Monday, November 26, 2007

Google Compiler

I have read a lot about the speculation of Google developing their own operating system. This, to date, has just been rumor.

I frankly see more benefit in Google developing their own compiler and IDE. If they are truly going to make their mark in the corporate world, it isn't from a Google O/S nor is it with Google Apps. They need a way to get developers to use their development suite.

It should have the ease of use of VB but be a true cross platform app. Mono is an attempt at this but falls terrible short. And it is, bottom-line, a way to utilize a Microsoft product on Linux.

I am not anti-Microsoft but am pro-open source. I have benefited a lot from open source and from Linux. Unfortunately there is no easy way for a beginner to develop apps on Linux.

Let's face it, the Microsoft Visual Studio products are VERY well done from the user level. I can have someone developing a simple VB app in minutes. There is just nothing out there to compare with the ease of use of this development suite. But it is make for Microsoft products.

Python is a very easy language to get started with and grow with but there are no easy GUI development tools. There needs to be tight integration like in the Visual Studio.

If Google REALLY wants to get into Microsoft's pocket, it is by developing a product that is as cross-platform as c++ or java with the ease of use as the Visual Studio suite.

Then see how fast Corporate America runs to Google for their other services.

See my next blog post about Google Basic, or GB!


Bryan said...

There are easy-to-use, develop-an-app-in-minutes IDEs made by Borland, -err Inprise, -err CodeGear. Oh well... you see how they have done.

Spockfish said...

Aren't you familiar with KDevelop? KDevelop has the same functionality as Visual Studio, support many languages, and in C++ mode is very good.

We have developers that have worked with VS for years that have simply moved to KDevelop.

The Beez' said...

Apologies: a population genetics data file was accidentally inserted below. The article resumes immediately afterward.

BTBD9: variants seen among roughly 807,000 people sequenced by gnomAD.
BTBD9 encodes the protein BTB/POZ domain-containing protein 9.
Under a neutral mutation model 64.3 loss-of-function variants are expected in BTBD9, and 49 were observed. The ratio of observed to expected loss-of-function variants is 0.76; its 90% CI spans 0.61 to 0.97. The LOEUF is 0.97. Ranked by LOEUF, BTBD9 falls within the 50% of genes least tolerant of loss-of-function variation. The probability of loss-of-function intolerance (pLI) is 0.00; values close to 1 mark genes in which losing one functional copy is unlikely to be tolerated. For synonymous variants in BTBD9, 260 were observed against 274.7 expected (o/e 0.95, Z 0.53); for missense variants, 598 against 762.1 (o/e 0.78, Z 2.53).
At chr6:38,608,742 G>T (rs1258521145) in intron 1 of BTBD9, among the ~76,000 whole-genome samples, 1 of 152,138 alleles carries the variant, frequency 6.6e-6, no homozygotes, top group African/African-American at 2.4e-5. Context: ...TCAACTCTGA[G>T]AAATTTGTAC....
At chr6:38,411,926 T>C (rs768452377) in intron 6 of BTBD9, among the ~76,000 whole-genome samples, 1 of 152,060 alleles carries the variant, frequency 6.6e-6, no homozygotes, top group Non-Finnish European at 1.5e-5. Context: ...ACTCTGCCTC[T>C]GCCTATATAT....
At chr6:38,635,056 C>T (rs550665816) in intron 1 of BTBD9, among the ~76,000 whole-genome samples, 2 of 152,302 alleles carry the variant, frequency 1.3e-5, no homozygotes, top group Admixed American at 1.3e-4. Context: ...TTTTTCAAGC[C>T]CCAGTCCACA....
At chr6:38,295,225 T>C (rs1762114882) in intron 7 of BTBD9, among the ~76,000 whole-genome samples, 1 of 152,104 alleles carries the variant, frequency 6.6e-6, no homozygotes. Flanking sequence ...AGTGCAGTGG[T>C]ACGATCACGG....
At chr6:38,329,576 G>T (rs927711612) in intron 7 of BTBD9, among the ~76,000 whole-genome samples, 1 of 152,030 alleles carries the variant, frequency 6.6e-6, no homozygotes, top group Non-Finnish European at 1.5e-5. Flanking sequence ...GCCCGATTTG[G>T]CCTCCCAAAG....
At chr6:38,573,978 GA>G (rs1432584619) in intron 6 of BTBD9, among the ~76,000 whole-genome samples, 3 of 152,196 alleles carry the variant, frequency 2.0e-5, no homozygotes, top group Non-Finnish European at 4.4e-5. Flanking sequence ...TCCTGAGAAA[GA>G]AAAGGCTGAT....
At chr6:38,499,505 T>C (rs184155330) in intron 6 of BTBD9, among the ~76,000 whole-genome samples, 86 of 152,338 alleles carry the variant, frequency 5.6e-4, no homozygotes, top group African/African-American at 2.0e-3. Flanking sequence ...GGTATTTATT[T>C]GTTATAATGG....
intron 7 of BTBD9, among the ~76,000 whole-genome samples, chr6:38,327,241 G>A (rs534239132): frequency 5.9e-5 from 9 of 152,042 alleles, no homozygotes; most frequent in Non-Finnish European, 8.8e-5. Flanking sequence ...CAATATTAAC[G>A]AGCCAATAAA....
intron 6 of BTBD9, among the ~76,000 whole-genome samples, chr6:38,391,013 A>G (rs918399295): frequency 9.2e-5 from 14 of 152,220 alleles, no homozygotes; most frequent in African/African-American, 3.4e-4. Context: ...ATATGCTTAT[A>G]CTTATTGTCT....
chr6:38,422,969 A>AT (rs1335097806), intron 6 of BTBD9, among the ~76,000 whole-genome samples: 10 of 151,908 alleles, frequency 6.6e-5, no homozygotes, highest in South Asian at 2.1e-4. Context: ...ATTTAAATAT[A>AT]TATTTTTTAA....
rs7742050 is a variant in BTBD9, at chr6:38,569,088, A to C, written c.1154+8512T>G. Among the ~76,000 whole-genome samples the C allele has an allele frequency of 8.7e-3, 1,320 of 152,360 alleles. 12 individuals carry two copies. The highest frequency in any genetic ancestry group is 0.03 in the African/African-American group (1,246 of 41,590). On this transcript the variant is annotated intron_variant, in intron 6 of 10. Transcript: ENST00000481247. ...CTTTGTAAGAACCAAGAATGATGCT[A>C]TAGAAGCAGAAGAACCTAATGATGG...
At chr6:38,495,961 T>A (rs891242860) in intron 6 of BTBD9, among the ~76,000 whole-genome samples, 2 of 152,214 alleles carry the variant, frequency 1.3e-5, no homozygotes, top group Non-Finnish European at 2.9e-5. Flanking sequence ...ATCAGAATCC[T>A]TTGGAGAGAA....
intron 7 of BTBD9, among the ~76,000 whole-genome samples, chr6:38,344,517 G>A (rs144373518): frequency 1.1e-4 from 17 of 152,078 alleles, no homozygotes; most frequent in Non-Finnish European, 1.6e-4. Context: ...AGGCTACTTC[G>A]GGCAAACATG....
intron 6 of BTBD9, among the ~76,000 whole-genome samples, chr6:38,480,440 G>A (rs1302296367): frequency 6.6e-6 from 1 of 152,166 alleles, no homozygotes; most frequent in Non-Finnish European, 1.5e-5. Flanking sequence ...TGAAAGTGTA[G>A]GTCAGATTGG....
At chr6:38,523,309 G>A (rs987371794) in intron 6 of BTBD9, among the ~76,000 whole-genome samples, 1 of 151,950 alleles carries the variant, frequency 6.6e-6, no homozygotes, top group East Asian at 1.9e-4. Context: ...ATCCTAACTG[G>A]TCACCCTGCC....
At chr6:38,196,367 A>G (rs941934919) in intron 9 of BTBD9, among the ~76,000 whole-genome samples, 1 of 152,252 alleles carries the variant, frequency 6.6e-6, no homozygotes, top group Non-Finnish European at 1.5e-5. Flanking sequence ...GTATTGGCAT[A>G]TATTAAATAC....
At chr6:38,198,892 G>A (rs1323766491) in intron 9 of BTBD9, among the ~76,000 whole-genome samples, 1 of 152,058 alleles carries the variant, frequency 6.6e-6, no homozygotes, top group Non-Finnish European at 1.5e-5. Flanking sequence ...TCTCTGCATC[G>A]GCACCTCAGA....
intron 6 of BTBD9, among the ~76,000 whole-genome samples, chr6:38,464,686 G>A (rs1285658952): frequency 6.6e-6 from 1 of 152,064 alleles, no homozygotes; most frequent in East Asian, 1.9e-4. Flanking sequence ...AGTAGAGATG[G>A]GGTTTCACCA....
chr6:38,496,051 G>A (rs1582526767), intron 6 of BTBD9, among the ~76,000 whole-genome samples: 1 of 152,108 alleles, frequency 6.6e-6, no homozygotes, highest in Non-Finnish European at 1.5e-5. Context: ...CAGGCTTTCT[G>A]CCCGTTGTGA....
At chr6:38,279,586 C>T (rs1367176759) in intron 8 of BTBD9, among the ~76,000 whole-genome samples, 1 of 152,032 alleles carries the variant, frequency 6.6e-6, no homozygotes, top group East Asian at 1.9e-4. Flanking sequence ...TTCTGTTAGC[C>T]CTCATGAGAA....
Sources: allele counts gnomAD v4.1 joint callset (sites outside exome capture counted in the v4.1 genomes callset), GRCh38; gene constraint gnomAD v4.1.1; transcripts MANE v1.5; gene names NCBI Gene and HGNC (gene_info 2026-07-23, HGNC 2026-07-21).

It seems Gambas ( is just what you need. Don't think that VB was actually compiled (although to be honest I'm not sure about the most recent version), it was a bytecode program with some startup code that launched the interpreter hidden in some rather large DLL you had to distribute along with your program. IMHO, VB had a horrible syntax with lots of strange idiosyncronacies. Not really OO too (although it pretended to be).

KB said...

There are several problems with the results mentioned. Yes, Kdevelop and Gambas work on Linux but compile to purely linux code. In my follow up post on Google Basic (GB) you will see that I am referring to a cross platform app running on a multi-platform (.net or java type) runtime. The java runtime is already open source, available in almost every flavor but there is no IDE to compare to the simplicity of VB. Also the Java language is difficult for beginners to learn.

The better solution would be to develop a new VB or Google Basic (GB) language that would compile to the java runtime like multiple flavors of Visual Studio compile to one .net runtime. Google could even have their development suite online to facilitate project sharing and developing anywhere.

If Google is truly going to get deep into the corporate IT shop, they will need a way to help them develop quick, cheap and cross platform apps. This is the bottom line. There is nothing out there with Google's brand on it for them to shop to the IT guys (and for the private developer).

Chandru said...

Ever tried developing apps with Netbeans and Matisse? With upcoming Netbeans 6, VS will pale in comparison. Even Eclipse is a great IDE for that matter.